That is why I think this AMA should cover all migration questions between platforms (not only to Cloud). What I like is that you invest time in making migration more "intuitive, flexible, reliable, and scalable" but what I so not like is that it looks like pushing towards one solution (cloud) without proper information that this migration would not be exactly 1 to 1, might fail or change your business process (which is also a part of migration process). Many customers still think that Cloud is like 2 years back and earlier - a latest version of Jira Server just hosted by Atlassian somewhere (since it is not even officially mentioned that is AWS), so when they realize that is not how they imagine then it is tool late and hard to get back. It should be all clear and transparent.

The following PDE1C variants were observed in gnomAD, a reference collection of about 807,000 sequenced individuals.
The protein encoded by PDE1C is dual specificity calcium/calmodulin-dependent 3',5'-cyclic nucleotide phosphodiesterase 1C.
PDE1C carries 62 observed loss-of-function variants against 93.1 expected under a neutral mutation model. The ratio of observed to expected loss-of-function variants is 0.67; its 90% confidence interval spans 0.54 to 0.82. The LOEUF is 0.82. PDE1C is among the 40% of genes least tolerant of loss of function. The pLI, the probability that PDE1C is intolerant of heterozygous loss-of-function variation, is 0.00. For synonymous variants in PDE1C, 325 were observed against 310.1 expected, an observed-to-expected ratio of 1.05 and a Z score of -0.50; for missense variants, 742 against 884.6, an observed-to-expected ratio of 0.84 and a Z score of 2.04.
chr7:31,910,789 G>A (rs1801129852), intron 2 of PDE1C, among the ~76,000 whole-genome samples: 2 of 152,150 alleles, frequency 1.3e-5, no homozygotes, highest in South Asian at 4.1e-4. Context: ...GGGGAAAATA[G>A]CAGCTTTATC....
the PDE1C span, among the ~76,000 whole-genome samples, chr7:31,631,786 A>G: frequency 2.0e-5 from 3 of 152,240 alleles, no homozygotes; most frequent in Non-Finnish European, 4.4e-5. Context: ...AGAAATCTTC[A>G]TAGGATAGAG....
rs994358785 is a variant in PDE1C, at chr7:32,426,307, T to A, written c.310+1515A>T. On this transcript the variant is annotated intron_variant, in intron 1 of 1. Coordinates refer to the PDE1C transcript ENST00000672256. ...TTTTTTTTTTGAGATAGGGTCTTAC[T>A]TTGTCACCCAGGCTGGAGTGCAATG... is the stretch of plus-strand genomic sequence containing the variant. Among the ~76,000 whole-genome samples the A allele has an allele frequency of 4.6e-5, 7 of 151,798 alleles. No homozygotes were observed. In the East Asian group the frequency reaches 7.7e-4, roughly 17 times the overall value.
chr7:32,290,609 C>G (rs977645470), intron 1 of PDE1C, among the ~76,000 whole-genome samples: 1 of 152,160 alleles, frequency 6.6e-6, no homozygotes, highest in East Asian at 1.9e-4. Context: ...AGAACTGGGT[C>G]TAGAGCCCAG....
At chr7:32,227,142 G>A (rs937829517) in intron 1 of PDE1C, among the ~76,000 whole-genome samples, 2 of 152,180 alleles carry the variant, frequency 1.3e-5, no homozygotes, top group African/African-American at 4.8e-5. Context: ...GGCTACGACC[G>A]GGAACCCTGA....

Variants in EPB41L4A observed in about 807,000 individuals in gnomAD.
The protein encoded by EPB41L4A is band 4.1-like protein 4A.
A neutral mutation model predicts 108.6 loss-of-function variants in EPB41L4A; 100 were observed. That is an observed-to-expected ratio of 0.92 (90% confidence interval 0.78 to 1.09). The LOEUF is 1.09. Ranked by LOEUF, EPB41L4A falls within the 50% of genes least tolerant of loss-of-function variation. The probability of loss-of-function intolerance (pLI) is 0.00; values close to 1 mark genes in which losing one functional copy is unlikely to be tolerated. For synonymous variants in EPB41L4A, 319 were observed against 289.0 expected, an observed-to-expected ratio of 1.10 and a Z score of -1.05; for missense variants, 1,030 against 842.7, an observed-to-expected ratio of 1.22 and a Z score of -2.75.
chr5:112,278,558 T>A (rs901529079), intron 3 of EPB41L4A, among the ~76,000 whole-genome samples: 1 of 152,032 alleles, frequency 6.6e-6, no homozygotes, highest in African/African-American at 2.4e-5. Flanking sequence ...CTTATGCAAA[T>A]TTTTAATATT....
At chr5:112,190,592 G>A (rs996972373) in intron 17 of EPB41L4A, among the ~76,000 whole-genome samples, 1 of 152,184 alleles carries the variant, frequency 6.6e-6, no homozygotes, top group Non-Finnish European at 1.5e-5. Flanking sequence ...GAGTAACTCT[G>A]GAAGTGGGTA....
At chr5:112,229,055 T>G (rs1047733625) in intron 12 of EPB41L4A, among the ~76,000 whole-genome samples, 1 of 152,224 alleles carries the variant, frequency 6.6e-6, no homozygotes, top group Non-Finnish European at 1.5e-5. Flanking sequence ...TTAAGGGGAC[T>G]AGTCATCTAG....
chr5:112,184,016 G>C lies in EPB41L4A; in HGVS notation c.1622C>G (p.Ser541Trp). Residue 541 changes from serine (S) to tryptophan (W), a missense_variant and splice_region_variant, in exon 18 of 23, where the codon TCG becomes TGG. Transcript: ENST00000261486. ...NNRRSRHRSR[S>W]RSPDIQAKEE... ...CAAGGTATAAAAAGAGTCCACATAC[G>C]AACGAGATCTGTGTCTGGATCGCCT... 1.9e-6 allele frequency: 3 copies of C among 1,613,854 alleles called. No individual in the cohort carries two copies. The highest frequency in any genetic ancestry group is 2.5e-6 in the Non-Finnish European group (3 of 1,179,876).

What you see is not what you get after migration in this case..
Thanks for the thoughtful feedback and questions. I’ve highlighted your major points and questions to address:
Differences between Atlassian Server and Atlassian Cloud:
We recognize the need for better transparency about the differences between server and cloud for customers who are considering migrating. We're working hard to provide more clarity and openness so customers can make more informed decisions.
In the meantime, we have documentation available that highlights the key features and functionality that differentiate our cloud and server products.
As a company, we're prioritizing scale in cloud. Just a year ago, Atlassian Cloud supported up to 2,000 users. Six months ago at Summit Europe, we announced our early access program for 5,000 users. Two weeks ago at Summit US, we announced general availability for 5,000 users and an EAP for 10,000 users.
Our eventual goal is to support unlimited users on the cloud.
Data Center compared to Cloud: